for Orchestra

Douglas Buchanan

Publisher: Theodore Presser Company
Print Status: Rental

Quick Overview

Harsh economic circumstances, ongoing conflict, and zeolotry create volatile living conditions for any community. Such was the social reality of late-17th century New England. The aforementioned tensions, combined with preexisting jealousies and a host of unfortunate illnesses, left residents of one particular village looking for scapegoats. Ultimately, this resulted in hundreds of falsified accusations, scores of unjust imprisonments, and, during the summer of 1692, the killing of twenty men and women. Each charge was the same: witchcraft.

The Salem Witch Trials, as the proceedings are now known, were tragdies of injustice that bespeak the resultant cruelty of indiscriminate, hate-enflamed judgment. Three hundred years after the trials, a small area of Salem?s central cemetery was portioned off to serve as a memorial to those who died during the Puritanical inquest; twenty granite benches, each engraved with an innocent?s name, line the low walls.

It was to this somber place of remembrance that my wife and I journeyed in late autumn of 2009. Returning home after several performances on the East Coast, I was drawn to visit Salem and the memorial. Admittedly, this was due in part ot outright curiosity: much of Salem seems almost to revel in this link to supposed occultist practice, and it was, after all, almost Halloween Primarily, though, I wanted to see a piece of my family?s history: two of the stones were engraved with the names of my (nine-times-great) aunts. During the trials, three sisters were accused, and two found guilty. One, Rebecca Towne Nurse, was hanged on July 19th, 1692; her sister, Mary Towne Eastey, was lead to Gallows Hill on September 22nd of that same year.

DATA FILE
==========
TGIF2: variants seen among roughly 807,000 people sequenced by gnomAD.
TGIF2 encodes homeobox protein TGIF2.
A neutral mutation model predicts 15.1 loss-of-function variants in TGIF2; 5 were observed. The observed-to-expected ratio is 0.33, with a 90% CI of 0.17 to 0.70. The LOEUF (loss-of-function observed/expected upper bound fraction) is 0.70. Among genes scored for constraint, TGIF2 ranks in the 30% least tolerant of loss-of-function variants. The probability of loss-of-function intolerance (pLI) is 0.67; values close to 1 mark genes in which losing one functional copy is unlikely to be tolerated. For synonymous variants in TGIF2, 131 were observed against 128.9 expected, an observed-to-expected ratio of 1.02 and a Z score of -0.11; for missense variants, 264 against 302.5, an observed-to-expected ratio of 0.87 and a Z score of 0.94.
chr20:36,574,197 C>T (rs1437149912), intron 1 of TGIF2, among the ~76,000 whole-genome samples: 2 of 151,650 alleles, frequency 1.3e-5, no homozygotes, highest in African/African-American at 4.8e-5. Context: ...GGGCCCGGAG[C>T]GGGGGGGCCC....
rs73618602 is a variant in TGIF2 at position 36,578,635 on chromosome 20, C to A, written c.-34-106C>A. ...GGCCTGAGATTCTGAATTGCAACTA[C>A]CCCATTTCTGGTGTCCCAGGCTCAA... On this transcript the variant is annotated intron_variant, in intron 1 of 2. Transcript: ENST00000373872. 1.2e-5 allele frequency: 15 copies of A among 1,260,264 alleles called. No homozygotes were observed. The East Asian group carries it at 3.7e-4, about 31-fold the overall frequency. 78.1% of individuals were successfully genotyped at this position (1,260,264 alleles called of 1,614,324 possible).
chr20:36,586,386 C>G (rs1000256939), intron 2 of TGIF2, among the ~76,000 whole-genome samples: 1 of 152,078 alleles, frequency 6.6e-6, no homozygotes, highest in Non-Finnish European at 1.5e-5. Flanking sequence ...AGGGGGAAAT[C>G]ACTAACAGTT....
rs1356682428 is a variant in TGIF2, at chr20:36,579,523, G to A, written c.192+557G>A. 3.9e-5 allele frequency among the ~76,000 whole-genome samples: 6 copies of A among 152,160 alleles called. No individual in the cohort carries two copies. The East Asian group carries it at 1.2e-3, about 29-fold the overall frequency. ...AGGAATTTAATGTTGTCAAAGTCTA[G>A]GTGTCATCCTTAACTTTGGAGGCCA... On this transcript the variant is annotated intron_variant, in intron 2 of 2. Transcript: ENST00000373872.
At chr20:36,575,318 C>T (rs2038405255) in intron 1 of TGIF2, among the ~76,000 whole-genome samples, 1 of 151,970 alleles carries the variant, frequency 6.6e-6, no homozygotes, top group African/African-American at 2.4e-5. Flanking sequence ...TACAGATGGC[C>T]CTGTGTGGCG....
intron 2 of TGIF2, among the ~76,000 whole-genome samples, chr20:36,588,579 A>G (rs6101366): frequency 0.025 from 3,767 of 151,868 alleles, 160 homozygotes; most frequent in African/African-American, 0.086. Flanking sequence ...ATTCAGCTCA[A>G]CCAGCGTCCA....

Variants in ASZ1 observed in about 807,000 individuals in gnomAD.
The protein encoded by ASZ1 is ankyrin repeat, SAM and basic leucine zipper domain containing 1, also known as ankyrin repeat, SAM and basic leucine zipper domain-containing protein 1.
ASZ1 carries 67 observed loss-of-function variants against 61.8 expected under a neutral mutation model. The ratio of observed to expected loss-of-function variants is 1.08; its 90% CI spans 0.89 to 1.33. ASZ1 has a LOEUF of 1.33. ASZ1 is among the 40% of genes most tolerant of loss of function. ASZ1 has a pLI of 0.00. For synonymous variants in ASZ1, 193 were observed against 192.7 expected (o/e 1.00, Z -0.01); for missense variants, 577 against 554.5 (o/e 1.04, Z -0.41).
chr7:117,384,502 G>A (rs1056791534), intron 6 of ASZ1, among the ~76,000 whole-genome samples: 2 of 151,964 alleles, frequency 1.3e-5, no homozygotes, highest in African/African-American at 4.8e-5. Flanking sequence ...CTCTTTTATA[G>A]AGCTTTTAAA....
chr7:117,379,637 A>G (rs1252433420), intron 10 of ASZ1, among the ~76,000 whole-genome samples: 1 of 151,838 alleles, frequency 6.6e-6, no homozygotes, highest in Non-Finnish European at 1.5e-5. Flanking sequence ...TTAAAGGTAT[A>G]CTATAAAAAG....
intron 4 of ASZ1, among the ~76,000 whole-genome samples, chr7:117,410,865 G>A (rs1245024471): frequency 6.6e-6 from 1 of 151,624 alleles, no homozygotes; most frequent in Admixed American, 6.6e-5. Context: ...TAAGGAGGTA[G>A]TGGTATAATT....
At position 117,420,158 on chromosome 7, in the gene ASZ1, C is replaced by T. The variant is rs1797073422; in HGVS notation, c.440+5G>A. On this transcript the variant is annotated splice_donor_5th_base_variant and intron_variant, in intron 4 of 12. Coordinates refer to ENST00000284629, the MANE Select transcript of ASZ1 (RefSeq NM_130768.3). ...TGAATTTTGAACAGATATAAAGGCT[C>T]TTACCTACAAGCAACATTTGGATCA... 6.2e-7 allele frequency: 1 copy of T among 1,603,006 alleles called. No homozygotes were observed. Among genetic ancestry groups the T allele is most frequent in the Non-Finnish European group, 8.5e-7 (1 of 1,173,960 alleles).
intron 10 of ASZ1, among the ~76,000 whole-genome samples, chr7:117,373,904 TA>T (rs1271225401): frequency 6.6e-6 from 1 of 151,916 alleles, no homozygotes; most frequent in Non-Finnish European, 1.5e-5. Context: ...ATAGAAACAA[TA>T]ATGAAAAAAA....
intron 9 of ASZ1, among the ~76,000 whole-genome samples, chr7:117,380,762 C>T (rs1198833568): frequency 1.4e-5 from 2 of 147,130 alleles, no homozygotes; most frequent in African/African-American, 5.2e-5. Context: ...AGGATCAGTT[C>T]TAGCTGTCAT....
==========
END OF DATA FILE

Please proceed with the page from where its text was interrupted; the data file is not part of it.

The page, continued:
Such acts of cruelty are never easy to process, be they past or present. Malleus served as a musical means to come to terms with what I felt as I learned more about the trials. The title takes its name from the Malleus Maleficarum, literally the ?Hammer of the Evil Ones?. A text written in 15th-century Germany by the Catholic Inquisitor Heinrigh Kramer, instructing witch-hunters in the identification and prosecution of ?witches?. Hammer-blows figure prominently in the orchestral texture, striking amidst the multiplicity of instrumental lines. The increasing activity?perhaps an attempt flee, perhaps the piling of accusations?culminates in a high scream, thinning out to reveal a few melodic threads stated by the clarinets. Their reminiscence seems to parallel the words of John Greenleaf Whitter, inscribed on Rebecca Nurse?s memorial:

O Christian Martyr who for Truth could die
When all about the Owned the hideous lie!
The world, redeemed from superstition?s sway,
Is breathing freer for thy sake today.

Available on Rental

Additional Information

Composition Date 2010
Duration 00:11:00
Orchestration 3(Picc.) 2 2(2 dbl. B.Cl.) 2 - 4 2 3(B.Tbn.) 0; Timp. 2Perc. Str.